One drawback in these prior art auxiliary data transmission systems is that by using the SCA band for such use, they preclude the broadcast station from using that band for other uses such as the broadcast of background music, foreign languages, financial data, and the like, all of which can provide substantial additional income to the station. Further, the use of this band poses substantial technical problems due to the low frequency modulation limits imposed for this band by FCC regulations, and due to the relatively high FM modulation frequencies required to operate in this band. These limitations result in a low signal-to-noise ratio, requiring complicated and expensive modulation and noise reduction circuitry. As shown below, the present invention overcomes these problems by using the stereo audio portion of the station broadcast band for transmission of the auxiliary data.
The signal from the network 16 is provided to an input terminal of adders 20 and 22 (which form part of a matrix network), while the signal from the network 18 is provide to an input terminal of adder 20 and, through an inverter 24, to an input terminal of adder 22. The signal from the adder 20, representing a monaural signal in the form of a sum (L+R) of the left and right audio channels is provided on line 25 to an input terminal of a linear combining network 26 through a delay network 28. The signal from the adder 22, representing the difference (L−R) of the left and right audio channels, is provided to the input terminal of a balanced modulator 80. The output signal from the modulator 30 which, as described below, is in the form of a double sideband suppressed carrier (DSBSC) signal, is provided on line 81 to a second input terminal of the combining network 26.
A 19 kHz oscillator 32 provides a 19 kHz stereo pilot signal on line 84 to a phase locked loop (PLL) circuit 36 which uses the pilot signal to generate a phase synchronized 38 kHz signal on line 38. The signal on line 88 is provided as a carrier signal to the modulator SO which, in a well known manner, generates the DSBSC signal having a suppressed carrier at 38 kHz which is amplitude modulated by the L−R signal to form upper and lower sidebands, each having a 15 kHz bandwidth. Thus, the frequency spectra of the DSBSC signal extends from 23 to 53 kHz. The stereo pilot is used in receiver apparatus described below to demodulate the DSBSC signal.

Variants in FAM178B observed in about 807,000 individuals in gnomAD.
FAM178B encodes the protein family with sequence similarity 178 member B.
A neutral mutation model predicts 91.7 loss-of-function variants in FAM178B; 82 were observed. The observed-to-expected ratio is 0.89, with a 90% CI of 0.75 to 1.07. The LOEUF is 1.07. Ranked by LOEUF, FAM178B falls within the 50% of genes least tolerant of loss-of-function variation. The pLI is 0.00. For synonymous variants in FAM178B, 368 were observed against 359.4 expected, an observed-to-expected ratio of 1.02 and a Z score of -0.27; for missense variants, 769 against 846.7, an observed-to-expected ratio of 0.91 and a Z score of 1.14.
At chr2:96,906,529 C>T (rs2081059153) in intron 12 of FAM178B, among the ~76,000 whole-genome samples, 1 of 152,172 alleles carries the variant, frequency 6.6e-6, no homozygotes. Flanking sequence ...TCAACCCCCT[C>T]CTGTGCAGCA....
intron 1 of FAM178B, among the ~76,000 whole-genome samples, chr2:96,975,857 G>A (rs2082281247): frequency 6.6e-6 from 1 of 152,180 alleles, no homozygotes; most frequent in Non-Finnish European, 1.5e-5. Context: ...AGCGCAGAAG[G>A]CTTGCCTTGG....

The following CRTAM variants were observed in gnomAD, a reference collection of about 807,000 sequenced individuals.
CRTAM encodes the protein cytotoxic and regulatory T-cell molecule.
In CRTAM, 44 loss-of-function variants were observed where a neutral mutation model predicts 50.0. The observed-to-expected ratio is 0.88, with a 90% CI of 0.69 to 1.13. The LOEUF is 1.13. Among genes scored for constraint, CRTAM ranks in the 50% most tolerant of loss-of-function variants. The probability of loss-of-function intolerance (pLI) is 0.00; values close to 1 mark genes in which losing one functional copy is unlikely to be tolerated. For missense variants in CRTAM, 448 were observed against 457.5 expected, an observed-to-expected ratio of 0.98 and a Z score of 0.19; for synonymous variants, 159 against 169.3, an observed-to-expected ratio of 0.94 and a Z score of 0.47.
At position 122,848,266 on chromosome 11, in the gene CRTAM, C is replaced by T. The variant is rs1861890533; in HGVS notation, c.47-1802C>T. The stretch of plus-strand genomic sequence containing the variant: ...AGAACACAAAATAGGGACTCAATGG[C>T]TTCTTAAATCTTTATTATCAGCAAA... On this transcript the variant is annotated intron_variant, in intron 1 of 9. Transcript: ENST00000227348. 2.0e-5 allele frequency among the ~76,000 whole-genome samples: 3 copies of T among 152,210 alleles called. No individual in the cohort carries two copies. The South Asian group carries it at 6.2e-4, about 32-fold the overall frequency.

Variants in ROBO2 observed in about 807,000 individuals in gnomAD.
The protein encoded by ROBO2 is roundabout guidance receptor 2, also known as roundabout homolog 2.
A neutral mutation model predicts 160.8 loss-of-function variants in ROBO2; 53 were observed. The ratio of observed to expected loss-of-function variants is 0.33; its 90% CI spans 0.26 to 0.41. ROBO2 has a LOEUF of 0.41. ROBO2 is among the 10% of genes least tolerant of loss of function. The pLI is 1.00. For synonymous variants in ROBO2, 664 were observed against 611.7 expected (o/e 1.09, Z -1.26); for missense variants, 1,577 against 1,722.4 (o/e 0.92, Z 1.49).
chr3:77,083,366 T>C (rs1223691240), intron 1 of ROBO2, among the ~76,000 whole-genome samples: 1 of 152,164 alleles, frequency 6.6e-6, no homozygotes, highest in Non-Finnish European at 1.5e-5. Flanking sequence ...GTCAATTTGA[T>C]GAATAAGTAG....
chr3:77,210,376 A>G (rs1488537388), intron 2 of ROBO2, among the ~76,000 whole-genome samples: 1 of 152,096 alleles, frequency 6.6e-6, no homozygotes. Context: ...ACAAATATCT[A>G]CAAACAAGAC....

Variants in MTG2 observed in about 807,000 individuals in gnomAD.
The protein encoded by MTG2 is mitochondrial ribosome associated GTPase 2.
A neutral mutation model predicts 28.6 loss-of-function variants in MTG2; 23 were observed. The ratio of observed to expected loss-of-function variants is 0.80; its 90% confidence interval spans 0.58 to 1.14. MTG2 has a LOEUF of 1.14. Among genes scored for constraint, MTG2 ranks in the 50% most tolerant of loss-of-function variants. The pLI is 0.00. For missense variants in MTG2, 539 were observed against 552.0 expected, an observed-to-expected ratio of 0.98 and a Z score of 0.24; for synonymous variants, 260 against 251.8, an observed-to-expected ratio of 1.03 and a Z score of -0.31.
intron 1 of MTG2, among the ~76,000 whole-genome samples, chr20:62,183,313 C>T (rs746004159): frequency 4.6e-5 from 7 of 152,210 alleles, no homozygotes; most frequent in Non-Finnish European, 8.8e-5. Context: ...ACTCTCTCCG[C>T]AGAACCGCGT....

The 19 kHz signal from the oscillator 32 is provided on line 40 to the input terminal of a variable gain amplifier 42, the output signal of which is provided as a stereo pilot subcarrier on line 44 to a third input terminal of the combining network 26. An optional SCA (Subsidiary Communications Authorization) signal is provided on line 46 to a fourth input terminal of the network 26. The SCA signal may include background music, foreign language, financial data and other generally commercial-free programming materials which are broadcast to subscribers having special receives. The SCA band is generally limited to the 59.5 to 74.5 kHz portion of the broadcast channel.
The output signal from the combining network 26 is provided to an FM modulator 48 which is used to frequency modulate a main carrier provided by transmitter 50 to antenna 52 at the assigned broadcast station frequency. The combining network 26 is used in part to set the FM modulation levels produced by the various input signals. In accordance with the teachings of the invention, the gain settings of the variable gain amplifier 42 also affect the FM modulation levels produced by the 19 kHz stereo pilot subcarrier as described below.
FM broadcast station frequencies in the United States are in the band from 88 to 108 MHz. Each station is allocated a 200 MHz wide channel, and FM modulation levels of the various broadcast signals are referenced as a percent of a 75 kHZ frequency deviation, which is defined as the 100%, or maximum, FM modulation level. Hereinafter, reference to FM signal percent modulation levels are with respect to this 100% level.
The portion of the transmitter system 10 described thus far (excepting the operation of the variable gain amplifier 42) represents a conventional FM stereo broadcast system well known to those skilled in the art.
In response to a start signal appearing on line 60, the code generator 58 provides the pulse code sequence on line 62 to a gain control input terminal of amplifier 42 The amplifier 42 responds to the gain control signal by varying the amplitude of the 19 kHz signal provided on line 44 to the network 26. In effect, the pulse code sequence on line 62 in conjunction with the amplifier 42 provides pulse amplitude modulation (PAM) of the broadcast stereo pilot subcarrier.
Preferably, the text message is broadcast substantially concurrent with the broadcast of the musical selection which it identifies. The term “substantially concurrent” as used herein is meant to include substantially immediately prior to, during, or substantially immediately after the broadcast of the musical selection. By way of example but not limitation, the signal provided on line 56 by the data source 54 includes three items of information: the title, the name of the performing artist, and the name of the album corresponding to the musical selection to be identified. The generator 58 arranges this information into the form of a three-line text message suitable for display on three lines of a digital display which is included in receiver circuits described below.